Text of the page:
Complementary Naturopathic Medicine for Periodontitis - Article
Clinical Trial: Complementary Naturopathic Medicine for Periodontitis
This study has been completed.
This study aims to assess selected naturopathic medicines for adult periodontitis and to identify variables that influence successful outcomes when traditional and alternative approaches to preventing and treating periodontal diseases are combined. Collaboration between Kaiser Permanente, Oregon Health Science University and the National College of Naturopathic Medicine provides an unsurpassed environment for such investigations. Periodontitis is a major cause of tooth loss and negatively impacts systemic health. The limitations of traditional periodontal treatment have compelled scientists and clinicians to investigate new remedies, and naturopathic medicine holds several promising interventions.
Because they are used to improve elements of host resistance that are known to be important in periodontal health and disease, three naturopathic medicines are potential adjuncts in preventing and treating periodontitis. Connective tissue components are enzymatically degraded in periodontitis. In naturopathy, Connective Tissue Nutrient Formula (CTNF) (vitamins A, C and D, glucosamine sulfate, oligoproanthocyanindins, copper, zinc, manganese, boron, silicon, magnesium, and calcium) is prescribed specifically to enhance the integrity of key connective tissue elements and improve their resistance to degradation. Periodontitis begins when permeability of the oral sulcular epithelium permits pathogenic bacterial components to invade deeper periodontal connective tissues. In naturopathy, glutamine is prescribed to reduce oral-intestinal epithelial membrane permeability. Chronic activation of the hypothalamic-pituitary-adrenal (HPA) axis during the stress response, is a risk factor for periodontitis. Adaptogenic herbs (AH) (Panax ginseng, Withania somnifera and Eleutherococcus senticosus) are prescribed by naturopathic physicians to reverse the impact of bacterial and psychosocial stressors. Because glutamine, CTNF and AH target pathophysiologic mechanisms known to underline periodontitis, they are compelling candidates in clinical and mechanistic investigations of complementary medicine approaches to the management of periodontitis.
Kaiser Permanente adult periodontitis patients will serve as subjects and receive standard periodontal treatment. Three of the four randomly assigned groups will also receive supplements of glutamine, CTNF, or AH. We will determine the effects of these supplements on clinical outcomes (attachment loss, pocket depths, indicators of inflammation, plaque composition, need for periodontal surgery, acute periodontal problems, tooth loss). In addition to completing the battery of self-report measures (stress, coping, quality of life), study subjects will provide samples of blood, saliva, gingival cervicular fluid and bacterial dental plaque. These samples will be examined as part of the Laboratory Core to identify biologic and genetic characteristics that correlate with successful outcomes. Storage of portions of the samples will allow future examination of additional variables as part of the Developmental Projects carried out as the Craniofacial Complementary & Alternative Center is established and Phase III trials are undertaken.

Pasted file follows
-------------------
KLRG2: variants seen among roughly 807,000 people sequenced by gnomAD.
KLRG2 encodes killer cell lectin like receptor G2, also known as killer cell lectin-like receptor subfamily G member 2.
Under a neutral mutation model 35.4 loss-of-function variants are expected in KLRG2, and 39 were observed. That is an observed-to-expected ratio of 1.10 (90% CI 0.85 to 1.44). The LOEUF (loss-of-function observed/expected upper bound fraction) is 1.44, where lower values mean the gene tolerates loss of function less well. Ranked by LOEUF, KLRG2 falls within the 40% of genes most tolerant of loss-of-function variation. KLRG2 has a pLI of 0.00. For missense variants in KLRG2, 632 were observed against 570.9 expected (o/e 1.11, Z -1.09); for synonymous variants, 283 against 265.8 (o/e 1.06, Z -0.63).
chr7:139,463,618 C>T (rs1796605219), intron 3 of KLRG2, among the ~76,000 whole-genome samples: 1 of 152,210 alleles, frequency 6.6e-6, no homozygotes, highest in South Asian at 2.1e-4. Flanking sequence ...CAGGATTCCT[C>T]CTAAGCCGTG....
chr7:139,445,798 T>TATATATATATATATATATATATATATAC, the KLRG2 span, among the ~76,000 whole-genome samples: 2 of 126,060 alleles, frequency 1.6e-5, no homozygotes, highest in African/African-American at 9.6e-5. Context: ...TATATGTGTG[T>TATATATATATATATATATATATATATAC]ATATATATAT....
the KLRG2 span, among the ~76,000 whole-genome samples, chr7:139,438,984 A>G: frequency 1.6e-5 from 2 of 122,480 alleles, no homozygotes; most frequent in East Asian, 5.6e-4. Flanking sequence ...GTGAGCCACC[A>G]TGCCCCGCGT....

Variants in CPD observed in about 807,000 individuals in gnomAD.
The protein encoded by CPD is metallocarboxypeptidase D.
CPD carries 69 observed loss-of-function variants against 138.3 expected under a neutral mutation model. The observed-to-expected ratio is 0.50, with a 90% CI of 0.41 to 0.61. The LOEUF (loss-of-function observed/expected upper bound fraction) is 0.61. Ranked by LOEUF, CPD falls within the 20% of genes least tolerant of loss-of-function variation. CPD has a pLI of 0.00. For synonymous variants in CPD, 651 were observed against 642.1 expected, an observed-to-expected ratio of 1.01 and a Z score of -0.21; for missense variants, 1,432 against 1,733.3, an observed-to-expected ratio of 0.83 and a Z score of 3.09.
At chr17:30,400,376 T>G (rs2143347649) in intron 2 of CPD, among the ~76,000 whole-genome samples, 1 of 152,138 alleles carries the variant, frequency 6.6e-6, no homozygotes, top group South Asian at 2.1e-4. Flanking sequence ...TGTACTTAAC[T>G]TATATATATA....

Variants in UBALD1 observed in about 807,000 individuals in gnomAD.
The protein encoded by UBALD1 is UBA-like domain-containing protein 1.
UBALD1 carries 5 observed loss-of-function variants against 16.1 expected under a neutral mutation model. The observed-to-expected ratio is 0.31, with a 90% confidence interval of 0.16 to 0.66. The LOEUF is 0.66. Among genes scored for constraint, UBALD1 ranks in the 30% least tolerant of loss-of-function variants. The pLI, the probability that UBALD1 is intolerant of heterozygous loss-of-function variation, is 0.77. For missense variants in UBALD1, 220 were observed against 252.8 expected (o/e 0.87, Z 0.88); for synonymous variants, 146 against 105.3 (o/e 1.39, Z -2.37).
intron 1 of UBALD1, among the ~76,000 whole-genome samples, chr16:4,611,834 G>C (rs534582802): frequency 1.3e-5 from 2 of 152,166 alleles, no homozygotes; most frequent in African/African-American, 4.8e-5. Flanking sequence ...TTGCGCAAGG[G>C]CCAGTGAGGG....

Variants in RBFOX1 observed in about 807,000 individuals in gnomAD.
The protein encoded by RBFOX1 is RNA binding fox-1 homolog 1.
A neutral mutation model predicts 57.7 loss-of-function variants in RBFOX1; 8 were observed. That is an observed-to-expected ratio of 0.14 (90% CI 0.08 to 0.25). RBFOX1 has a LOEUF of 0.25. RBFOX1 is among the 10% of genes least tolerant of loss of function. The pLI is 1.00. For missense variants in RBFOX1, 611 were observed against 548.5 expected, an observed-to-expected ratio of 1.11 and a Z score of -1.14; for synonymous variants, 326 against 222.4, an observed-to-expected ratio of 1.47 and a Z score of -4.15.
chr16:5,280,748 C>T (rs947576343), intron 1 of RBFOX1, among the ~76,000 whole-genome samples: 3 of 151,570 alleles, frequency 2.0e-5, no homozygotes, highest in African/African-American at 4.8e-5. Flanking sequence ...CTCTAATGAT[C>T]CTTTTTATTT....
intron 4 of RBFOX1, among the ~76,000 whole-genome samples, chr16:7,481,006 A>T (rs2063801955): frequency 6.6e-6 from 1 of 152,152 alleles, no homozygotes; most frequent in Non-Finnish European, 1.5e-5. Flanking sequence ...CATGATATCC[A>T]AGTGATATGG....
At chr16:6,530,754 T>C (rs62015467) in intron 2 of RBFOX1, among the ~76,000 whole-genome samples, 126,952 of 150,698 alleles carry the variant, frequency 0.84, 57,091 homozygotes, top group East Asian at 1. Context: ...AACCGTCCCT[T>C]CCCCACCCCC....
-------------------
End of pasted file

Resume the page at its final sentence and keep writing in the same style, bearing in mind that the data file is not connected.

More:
|Condition||Treatment or Intervention||Phase|
|Periodontitis || Drug: Connective Tissue Nutrient Formula |
Drug: Adaptogenic herbs
|Phase II |
MedlinePlus related topics: Gum Disease
Study Type: Interventional
Study Design: Treatment, Randomized
Ages Eligible for Study: 35 Years and above, Genders Eligible for Study: Both
- Adult periodontitis
The Oregon Health Sciences University (OHSU), Portland, Oregon, United States
Theresa Madden, Principal Investigator, Center for Health Research, Kaiser Foundation Hospitals
Record last reviewed: September 2004
Last Updated: October 13, 2004
Record first received: February 2, 2001
ClinicalTrials.gov Identifier: NCT00010634
Health Authority: United States: Federal Government
ClinicalTrials.gov processed this record on 2005-04-08
Cache Date: April 9, 2005